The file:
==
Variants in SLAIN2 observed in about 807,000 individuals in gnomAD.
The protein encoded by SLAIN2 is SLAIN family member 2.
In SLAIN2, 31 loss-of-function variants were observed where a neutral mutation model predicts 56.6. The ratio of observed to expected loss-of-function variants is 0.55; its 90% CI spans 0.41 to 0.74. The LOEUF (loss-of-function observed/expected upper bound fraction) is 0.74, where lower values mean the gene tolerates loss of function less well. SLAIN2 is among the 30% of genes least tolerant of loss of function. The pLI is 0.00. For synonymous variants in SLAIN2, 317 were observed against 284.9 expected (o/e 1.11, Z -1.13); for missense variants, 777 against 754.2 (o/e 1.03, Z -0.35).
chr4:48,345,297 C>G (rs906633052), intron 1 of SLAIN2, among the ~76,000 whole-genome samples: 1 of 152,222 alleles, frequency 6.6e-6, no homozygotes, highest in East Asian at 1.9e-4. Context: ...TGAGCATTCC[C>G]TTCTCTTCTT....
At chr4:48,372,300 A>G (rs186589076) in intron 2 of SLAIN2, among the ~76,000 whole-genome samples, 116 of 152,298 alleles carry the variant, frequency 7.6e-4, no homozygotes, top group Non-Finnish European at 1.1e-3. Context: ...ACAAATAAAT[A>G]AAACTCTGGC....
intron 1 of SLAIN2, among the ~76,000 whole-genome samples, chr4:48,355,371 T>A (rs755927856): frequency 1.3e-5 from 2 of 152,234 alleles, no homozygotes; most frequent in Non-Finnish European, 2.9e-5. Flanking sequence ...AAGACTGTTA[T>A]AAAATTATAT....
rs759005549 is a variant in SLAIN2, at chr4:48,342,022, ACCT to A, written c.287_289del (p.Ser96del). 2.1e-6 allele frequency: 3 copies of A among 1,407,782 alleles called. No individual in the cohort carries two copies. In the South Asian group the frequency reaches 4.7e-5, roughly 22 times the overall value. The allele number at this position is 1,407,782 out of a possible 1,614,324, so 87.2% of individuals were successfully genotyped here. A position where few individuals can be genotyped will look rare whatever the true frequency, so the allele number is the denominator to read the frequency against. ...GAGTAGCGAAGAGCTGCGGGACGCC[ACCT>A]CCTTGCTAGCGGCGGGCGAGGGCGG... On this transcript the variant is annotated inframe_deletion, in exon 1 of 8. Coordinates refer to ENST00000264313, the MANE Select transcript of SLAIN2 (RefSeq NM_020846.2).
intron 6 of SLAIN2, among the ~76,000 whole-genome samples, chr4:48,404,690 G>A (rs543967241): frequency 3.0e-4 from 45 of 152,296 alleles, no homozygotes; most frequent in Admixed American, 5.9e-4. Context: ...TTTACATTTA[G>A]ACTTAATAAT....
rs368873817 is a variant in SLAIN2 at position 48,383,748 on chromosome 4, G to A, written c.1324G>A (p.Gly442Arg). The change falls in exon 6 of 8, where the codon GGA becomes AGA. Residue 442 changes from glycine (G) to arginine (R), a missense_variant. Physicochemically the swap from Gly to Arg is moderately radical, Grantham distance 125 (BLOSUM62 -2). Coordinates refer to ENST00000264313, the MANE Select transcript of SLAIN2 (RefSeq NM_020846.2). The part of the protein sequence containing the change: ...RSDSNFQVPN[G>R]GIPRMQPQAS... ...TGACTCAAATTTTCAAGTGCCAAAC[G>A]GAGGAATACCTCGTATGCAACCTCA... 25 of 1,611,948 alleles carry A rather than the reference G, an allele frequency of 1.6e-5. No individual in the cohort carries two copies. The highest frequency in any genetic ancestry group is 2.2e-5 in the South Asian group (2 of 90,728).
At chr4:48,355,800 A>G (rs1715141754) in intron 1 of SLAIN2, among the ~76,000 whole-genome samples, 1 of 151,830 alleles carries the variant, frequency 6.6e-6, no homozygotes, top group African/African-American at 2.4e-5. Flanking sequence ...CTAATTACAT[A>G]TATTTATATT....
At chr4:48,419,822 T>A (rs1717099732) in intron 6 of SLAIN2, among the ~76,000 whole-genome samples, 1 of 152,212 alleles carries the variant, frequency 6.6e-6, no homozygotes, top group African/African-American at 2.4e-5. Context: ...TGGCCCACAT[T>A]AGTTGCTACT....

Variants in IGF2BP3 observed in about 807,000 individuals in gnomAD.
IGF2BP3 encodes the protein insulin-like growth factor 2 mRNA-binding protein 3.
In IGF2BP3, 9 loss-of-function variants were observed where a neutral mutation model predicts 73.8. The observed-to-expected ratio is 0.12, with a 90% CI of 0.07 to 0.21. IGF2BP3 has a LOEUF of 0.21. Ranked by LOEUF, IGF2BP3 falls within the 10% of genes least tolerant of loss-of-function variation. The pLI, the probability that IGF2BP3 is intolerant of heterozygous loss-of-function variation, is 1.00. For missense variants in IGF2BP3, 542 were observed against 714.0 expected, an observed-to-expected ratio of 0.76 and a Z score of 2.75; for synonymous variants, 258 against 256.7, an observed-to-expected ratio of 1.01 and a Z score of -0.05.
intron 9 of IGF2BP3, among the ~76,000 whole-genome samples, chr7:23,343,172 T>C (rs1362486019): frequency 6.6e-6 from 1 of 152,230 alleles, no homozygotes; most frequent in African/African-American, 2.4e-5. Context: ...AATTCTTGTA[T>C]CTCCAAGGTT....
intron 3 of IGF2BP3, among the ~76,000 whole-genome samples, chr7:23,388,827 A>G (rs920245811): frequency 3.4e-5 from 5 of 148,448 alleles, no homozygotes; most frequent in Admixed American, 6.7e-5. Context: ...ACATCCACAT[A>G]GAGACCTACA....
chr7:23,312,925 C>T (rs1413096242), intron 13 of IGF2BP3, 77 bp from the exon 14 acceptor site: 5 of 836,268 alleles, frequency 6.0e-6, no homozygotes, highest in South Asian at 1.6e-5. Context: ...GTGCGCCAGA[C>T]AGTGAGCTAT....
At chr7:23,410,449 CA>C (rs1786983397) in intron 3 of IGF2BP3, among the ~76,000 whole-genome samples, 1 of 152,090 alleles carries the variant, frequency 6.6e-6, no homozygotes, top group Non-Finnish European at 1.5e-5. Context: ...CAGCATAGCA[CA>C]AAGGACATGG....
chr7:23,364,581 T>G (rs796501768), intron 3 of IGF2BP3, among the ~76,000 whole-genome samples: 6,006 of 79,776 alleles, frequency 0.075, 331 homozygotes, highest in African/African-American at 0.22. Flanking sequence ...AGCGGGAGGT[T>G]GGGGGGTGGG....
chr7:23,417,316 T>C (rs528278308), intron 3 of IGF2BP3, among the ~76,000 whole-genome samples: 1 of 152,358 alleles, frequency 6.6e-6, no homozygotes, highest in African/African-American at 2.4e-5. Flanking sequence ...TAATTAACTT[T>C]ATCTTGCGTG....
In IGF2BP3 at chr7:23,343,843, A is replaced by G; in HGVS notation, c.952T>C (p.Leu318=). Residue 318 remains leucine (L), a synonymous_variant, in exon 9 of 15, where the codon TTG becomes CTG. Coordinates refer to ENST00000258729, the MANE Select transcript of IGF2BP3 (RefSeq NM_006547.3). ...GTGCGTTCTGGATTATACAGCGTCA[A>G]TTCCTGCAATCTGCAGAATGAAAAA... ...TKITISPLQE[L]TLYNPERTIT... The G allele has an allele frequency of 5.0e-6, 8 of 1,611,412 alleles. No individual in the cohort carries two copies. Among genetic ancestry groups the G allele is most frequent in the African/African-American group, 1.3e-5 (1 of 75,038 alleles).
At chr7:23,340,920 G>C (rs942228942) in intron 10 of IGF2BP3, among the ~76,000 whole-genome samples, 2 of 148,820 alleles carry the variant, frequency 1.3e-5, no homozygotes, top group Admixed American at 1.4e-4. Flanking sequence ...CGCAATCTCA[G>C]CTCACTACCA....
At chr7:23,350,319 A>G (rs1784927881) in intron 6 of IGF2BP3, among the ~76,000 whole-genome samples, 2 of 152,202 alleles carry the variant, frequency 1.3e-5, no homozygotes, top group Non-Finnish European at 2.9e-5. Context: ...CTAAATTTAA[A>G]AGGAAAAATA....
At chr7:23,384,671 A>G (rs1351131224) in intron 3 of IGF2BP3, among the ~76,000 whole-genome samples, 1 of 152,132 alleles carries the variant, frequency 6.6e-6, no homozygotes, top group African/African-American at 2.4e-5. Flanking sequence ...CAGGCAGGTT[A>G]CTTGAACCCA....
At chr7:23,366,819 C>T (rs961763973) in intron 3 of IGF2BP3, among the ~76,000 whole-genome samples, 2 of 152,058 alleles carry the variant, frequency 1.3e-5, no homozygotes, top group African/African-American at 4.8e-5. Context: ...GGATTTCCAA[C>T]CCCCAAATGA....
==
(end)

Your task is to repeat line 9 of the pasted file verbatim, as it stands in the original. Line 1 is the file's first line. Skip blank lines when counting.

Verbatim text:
rs368873817 is a variant in SLAIN2 at position 48,383,748 on chromosome 4, G to A, written c.1324G>A (p.Gly442Arg). The change falls in exon 6 of 8, where the codon GGA becomes AGA. Residue 442 changes from glycine (G) to arginine (R), a missense_variant. Physicochemically the swap from Gly to Arg is moderately radical, Grantham distance 125 (BLOSUM62 -2). Coordinates refer to ENST00000264313, the MANE Select transcript of SLAIN2 (RefSeq NM_020846.2). The part of the protein sequence containing the change: ...RSDSNFQVPN[G>R]GIPRMQPQAS... ...TGACTCAAATTTTCAAGTGCCAAAC[G>A]GAGGAATACCTCGTATGCAACCTCA... 25 of 1,611,948 alleles carry A rather than the reference G, an allele frequency of 1.6e-5. No individual in the cohort carries two copies. The highest frequency in any genetic ancestry group is 2.2e-5 in the South Asian group (2 of 90,728).